The month of November 2016 was indeed a turbulent month for the International Criminal Court (“ICC”), as it witnessed a wave of African Countries (South Africa, Burundi and The Gambia) pulling out of the Court, with Kenya and Namibia considering withdrawal. Because November is usually when the Annual Meeting of the Assembly of States Parties (ASP) to the ICC takes place (the governing body of the Court), the timing couldn’t have been more perfect for these African leaders to send a strong message about their dissatisfaction with the existing structure. the African Union adopted a resolution at its biannual summit in January 2017, calling on all African States to collectively withdraw from the Court.
As expected, several commentators have analysed the implications of the withdrawal of the three African states for the future of international criminal justice (at least in Africa). However, most of the commentators missed the mark in their analysis because they adopted a single narrative which utilized a Western-centric lens, demonized African leaders, overly focused on the symbolism of South Africa’s withdrawal (and then its return, based on the recent ruling of the South African High Court), and derided the African Union’s political weakness. In doing so, these critics sought to promote an overly optimistic future for the Court, exactly at a time when a little dosage of pessimism might jolt the Court back to reality.
The reality is simply this: the current application of the Rome Statute is lopsided—nine of the Court’s ten open investigations are in Africa—and should be fixed, and African states’ frustrations with the Court cannot be ignored or rationalized away. The perception of the unequal application of the Rome Statute 15 after years of its adoption is severely eroding trust in the Court and, consequently, in the international criminal justice project.
The ICC periodically needs to accept such critiques so that it may achieve its justice mandate, and not get carried away by enthusiasts who might under-rate the failure(s) of the Court. This is essential for the Court to bring justice to languishing victims—be it in countries in Africa, or in Syria, Palestine, Crimea and in different flash points and hotspots of conflict all over the world.
The Court’s jurisdiction is articulated in Article 5 of the Rome Statute, which states that “the jurisdiction of the Court shall be limited to the most serious crimes of concern to the international community as a whole”. This has been unequally applied to African States to the detriment of victims in other non-African States who are looking to the Court for justice and are neglected. They might even be “re-victimised” by the Court due to its failure to include them in the international criminal justice project by bringing their perpetrators to justice. This negates the fact that international criminal justice ought to be universal in its application.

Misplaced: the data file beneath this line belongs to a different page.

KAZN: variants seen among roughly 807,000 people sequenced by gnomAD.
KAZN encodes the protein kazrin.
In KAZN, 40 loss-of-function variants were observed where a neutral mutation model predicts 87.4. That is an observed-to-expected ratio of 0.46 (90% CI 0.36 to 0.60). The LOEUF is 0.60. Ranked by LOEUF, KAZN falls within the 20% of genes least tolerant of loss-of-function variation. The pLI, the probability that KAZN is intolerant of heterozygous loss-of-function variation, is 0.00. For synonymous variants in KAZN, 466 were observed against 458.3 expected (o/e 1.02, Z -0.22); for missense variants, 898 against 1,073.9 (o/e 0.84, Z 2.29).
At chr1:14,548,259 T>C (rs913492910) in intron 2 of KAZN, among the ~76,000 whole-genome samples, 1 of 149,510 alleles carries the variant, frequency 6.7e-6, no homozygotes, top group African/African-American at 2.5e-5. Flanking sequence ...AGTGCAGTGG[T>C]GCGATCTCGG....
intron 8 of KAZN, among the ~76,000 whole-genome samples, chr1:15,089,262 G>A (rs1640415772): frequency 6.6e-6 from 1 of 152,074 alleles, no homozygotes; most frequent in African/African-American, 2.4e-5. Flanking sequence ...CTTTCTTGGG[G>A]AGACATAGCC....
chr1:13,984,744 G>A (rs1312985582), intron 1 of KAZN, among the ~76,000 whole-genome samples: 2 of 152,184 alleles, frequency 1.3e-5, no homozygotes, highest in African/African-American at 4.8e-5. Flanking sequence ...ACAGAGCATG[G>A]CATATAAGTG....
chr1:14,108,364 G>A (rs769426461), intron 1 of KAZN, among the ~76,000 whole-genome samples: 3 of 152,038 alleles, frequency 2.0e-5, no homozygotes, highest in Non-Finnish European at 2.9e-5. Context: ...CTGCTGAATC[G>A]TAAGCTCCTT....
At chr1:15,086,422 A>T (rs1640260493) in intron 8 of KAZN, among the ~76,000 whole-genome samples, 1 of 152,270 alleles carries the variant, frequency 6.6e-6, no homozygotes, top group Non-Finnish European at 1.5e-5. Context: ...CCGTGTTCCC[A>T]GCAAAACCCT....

Also, the differential application of the Rome Statute inadvertently lends credence to the argument of some people that Court is biased against Africa and is a tool of oppression used by powerful states to control and maintain their economic and military interests in that continent. Therefore, the ICC needs to proactively reinvent itself by a combination of highly layered and complex political and legal maneuverings to become a Court truly “worth having”. This includes the ICC actively engaging African States beyond the annual ASP meetings, expanding investigations to countries in conflicts outside of Africa and actively managing expectations in its rhetoric on victims’ demands for justice. It has to be made clear that the ICC cannot prosecute every international crime, and the principle of complementarity implies that local judicial structures should take the lead when they can. Also, the court should deal with its structural weaknesses, including an amendment to the Rome Statute to removes the possibility of the Security Council initiating or halting investigations. This will truly transform the Court into a "court of last resort” for all victims in all sites of violent conflict, and not just in Africa.
The history of the ICC cannot be written without recalling the zeal and unflinching support shown by African states during the negotiations of the Rome Statute of the Court. In fact, Senegal was the first country to ratify the Rome Statute in 1999. As of March 2017, 34 African states have ratified the Rome Statute thereby constituting the largest bloc of states parties to the Rome Statute.
At least six African states have already adopted domestic legislations to implement the Rome Statute, and it was in an African State—Uganda—that the first review conference of the ICC took place. This history demonstrates that Africa is very crucial to the mandate of the Court and every criticism from the continent must be taken very seriously, rather than being rationalized away under the simple narrative of despotic and corrupt African leaders trying to evade international justice.
To be clear, there are indeed despotic and corrupt African leaders who should not be allowed to escape international justice. But such leaders exist all over the world, and their victims are also crying for help. It seems that their cries have been ignored by the ICC’s imbalanced focus on Africa.
This begs the question: why hasn’t the ICC brought cases against perpetrators in these non-African countries? One answer is that the Security Council has not used its power to refer situations like Syria to the ICC, because some of the Permanent Members have used their veto to block such action—this is another illustration of why an amendment to the Rome Statute (to remove such veto power) would make the Court truly independent and able to investigate where its needed, rather than where its politically convenient In addition, because the United States, China, India, and Russia have all declined to ratify the Rome Statute, over half the world’s population does not fall under ICC jurisdiction.
To avoid this continued “injustice”, African states should work with international partners to strengthen their own national judicial institutions to deliver robust justice processes that resonate more with victims at the grassroots. This will truly make the ICC the court of last resort, instead of the court of first instance.
Published on Open Democracy's website on April 3, 2017.